In his directorial debut, Showalter also writes and stars as Elliot Sherman a.k.a. The Baxter. A “Baxter” is “the kind of guy you settle with because you can’t be with the one you love.” Elliot Wilbur Sherman is as exciting as toothpaste. The man reads the dictionary. For fun.
However, Showalter couples his flaws with an earnestness that makes the safe protagonist incredibly endearing. While Michael Showalter might not yet be a household name, his fans have obsessed over his cool camp counselor role in the 2001 cult-classic “Wet Hot American Summer,” his comedy trio “Stella” on Comedy Central, and the long-defunct MTV show “The State.”
The story of “The Baxter” begins at the end, with an uncertain Elliot waiting for his bride on the day of his wedding. In the scenes that follow, the unglamorous Elliot narrates the events that lead him to his precarious situation at the altar. A platonic romance begins when Elliot improbably meets magazine editor Caroline Swann (Elizabeth Banks) and somehow becomes her fiancé. When Bradley Lake (Justin Theroux of “Six Feet Under” ), the love of Caroline’s life, resurfaces shortly before the couple’s wedding, poor Elliot is overwhelmed by insecurity.
Cecil Mills (Michelle Williams) an oddball office temp by day and “singer” by night befriends Elliot. She also just happens to be the perfect woman for him (she’s read up to the G’s in dictionary), but of course he is too oblivious to throw caution to the Brooklyn winds and seize Cecil.
Showalter’s film succeeds because of its irresistible charm and quirkiness. The true credit to the film is the acting; many of Showalter’s former cast members (David Wain, Michael Ian Black, Elizabeth Banks, and Paul Rudd just to mention a few) of “Wet Hot American Summer” return for “The Baxter.” Michelle Williams has left her “Dawson’s Creek” days far behind, believable as awkward and loveable Cecil Mills. Justin Theroux, bizarre and oh-so-spooky in “Mulholland Drive,” steals several scenes, including a hilarious inversion of male machismo in which he cries in Elliot’s car lamenting how sensitive he is.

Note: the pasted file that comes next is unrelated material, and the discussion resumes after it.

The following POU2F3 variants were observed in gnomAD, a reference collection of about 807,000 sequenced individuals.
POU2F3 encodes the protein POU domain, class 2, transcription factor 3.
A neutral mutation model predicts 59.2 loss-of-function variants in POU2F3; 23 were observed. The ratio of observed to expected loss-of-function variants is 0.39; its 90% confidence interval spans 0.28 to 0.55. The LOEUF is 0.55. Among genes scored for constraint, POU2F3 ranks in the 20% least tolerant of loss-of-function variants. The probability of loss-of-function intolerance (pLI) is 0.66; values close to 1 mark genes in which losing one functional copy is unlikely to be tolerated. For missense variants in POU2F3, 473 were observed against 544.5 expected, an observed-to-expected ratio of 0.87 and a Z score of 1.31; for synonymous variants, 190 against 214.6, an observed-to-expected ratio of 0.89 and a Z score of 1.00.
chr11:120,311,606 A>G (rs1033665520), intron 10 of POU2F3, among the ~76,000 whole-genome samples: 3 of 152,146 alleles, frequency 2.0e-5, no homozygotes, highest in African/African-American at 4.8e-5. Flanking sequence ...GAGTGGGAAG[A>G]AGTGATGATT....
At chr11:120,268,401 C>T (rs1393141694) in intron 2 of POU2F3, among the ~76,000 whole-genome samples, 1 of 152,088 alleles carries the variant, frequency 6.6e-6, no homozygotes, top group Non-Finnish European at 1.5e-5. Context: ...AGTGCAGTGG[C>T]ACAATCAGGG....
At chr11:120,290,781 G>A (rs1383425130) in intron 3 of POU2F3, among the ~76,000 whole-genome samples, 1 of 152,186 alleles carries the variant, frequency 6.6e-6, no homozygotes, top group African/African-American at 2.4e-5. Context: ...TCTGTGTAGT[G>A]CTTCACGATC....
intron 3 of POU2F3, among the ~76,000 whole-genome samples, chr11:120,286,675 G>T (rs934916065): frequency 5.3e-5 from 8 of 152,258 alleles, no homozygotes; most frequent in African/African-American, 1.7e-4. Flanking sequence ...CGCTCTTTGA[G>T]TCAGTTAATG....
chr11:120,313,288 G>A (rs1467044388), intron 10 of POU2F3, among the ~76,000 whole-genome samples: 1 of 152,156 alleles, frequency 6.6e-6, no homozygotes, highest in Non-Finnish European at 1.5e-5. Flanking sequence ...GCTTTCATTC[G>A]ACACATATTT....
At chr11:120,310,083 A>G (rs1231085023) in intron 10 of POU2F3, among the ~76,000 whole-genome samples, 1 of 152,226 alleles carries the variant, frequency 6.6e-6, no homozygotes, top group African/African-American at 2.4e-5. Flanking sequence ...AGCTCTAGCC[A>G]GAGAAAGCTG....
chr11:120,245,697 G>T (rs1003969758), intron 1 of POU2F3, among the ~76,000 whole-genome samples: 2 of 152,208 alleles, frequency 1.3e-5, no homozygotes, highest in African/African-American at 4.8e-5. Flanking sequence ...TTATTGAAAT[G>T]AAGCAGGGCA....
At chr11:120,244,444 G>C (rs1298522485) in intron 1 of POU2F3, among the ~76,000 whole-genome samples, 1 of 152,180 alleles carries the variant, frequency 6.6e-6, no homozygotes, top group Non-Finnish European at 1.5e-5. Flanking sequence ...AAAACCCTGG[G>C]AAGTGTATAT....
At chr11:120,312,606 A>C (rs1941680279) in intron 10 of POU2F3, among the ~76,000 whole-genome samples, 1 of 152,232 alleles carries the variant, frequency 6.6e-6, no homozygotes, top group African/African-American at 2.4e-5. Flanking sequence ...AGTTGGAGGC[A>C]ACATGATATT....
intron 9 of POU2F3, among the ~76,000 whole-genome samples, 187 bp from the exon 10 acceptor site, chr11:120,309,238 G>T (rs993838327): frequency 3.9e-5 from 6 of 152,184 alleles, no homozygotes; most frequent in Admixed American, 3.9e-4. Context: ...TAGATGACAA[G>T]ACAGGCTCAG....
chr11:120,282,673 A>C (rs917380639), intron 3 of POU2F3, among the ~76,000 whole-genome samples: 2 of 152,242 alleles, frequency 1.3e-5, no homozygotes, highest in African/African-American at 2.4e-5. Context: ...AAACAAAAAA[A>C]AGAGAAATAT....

Unfortunately, one of the drawbacks of the film is its pacing and the endless reiteration that Elliot is not right for Caroline and he is The Baxter of all Baxters. For example, there’s Elliot’s mantra, “Compromise is the key to success,” Caroline’s Freudian slip when she introduces Elliot as her friend and Bradley as her fiancé, and Elliot’s hilarious if not pathetic plan to honeymoon at Yellowstone Park complete with “camping, fishing, and guided tours.”
Nonetheless if Showalter overcompensates, he only does it because of his exacting detail. Showalter exquisitely demonstrates Elliot’s desire for companionship just by showing the picture on Elliot’s coffee mug: two cats sitting on a window ledge. Styled after the screwball comedies of the past, the film has an undeniable 1940s vibe, and it lives in Elliot’s tweed coat, navy vest, and plaid newsboy cap. The result is a fresh but nostalgic wide-eyed wonder that leaves you mildly elated.
It is pretty clear from the beginning where this film goes; however, Showalter manages to make the trip worthwhile. Remember that, no matter who you are, you have had a Baxter moment. Whether you stayed up all night helping that pretty girl finish her problem set, who then didn’t remember your name the next day, or you tried in vain the catch the eye of that hot guy at last year’s party, Elliot’s story is familar, but well-told enough by Showalter to give everyone hope.